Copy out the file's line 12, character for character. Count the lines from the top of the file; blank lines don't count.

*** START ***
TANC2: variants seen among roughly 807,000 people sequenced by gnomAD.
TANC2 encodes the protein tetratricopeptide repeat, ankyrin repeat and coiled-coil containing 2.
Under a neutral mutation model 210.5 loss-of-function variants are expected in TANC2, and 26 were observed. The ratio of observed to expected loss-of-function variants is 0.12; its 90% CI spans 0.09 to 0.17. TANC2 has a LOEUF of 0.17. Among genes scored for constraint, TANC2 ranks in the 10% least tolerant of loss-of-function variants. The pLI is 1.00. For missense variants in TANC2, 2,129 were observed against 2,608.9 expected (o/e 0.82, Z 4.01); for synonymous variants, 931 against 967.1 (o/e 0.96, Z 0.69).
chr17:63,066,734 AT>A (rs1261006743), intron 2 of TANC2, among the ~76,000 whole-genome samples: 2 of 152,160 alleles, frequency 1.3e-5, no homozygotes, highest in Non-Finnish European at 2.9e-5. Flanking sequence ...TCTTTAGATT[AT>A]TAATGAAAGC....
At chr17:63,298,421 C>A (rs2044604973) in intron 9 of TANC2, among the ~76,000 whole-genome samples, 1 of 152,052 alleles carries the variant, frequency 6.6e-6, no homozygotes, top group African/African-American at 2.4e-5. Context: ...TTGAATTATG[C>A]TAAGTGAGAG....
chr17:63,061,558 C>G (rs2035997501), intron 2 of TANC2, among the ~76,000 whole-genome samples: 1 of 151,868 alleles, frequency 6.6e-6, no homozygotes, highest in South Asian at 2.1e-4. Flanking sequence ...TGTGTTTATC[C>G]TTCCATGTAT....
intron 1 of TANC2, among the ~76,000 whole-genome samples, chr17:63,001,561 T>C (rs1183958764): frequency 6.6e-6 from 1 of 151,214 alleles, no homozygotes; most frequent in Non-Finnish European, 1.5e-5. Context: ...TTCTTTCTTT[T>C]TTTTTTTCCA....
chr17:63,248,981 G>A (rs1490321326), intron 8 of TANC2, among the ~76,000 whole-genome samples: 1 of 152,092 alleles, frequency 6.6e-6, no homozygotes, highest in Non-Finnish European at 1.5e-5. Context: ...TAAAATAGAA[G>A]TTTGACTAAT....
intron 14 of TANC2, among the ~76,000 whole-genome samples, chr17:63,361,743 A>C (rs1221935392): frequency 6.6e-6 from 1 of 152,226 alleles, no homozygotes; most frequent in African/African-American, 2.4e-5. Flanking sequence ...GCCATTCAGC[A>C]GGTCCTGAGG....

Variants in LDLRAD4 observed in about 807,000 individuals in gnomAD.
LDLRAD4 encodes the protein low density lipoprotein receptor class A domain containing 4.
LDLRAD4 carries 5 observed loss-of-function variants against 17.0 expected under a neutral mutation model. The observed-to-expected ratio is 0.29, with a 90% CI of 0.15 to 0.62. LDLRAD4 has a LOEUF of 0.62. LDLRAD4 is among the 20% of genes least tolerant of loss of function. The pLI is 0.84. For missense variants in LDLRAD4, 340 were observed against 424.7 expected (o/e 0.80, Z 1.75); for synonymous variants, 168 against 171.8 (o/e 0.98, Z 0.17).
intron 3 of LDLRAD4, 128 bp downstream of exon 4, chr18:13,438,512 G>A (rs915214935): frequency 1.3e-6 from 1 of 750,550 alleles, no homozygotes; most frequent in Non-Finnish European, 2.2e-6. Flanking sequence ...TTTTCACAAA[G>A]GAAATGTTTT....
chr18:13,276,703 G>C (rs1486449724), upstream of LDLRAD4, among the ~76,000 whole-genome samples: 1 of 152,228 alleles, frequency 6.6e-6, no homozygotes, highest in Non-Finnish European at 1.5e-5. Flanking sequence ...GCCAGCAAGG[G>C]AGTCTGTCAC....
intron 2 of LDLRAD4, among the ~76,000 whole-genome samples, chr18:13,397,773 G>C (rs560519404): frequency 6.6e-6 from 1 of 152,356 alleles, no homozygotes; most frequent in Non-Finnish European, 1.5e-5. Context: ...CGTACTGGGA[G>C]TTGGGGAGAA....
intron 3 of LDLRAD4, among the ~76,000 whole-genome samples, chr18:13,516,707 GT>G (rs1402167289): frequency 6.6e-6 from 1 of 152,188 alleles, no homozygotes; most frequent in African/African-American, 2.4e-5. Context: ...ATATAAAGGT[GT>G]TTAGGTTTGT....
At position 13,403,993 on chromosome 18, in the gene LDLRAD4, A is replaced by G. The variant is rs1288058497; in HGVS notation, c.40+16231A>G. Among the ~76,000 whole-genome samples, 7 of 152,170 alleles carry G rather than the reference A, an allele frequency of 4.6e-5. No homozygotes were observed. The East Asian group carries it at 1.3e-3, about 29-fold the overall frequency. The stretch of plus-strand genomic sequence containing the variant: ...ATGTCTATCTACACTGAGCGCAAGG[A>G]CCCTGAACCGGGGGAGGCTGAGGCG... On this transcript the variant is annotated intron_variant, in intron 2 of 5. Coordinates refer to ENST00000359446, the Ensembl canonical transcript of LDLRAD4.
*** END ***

LDLRAD4 carries 5 observed loss-of-function variants against 17.0 expected under a neutral mutation model. The observed-to-expected ratio is 0.29, with a 90% CI of 0.15 to 0.62. LDLRAD4 has a LOEUF of 0.62. LDLRAD4 is among the 20% of genes least tolerant of loss of function. The pLI is 0.84. For missense variants in LDLRAD4, 340 were observed against 424.7 expected (o/e 0.80, Z 1.75); for synonymous variants, 168 against 171.8 (o/e 0.98, Z 0.17).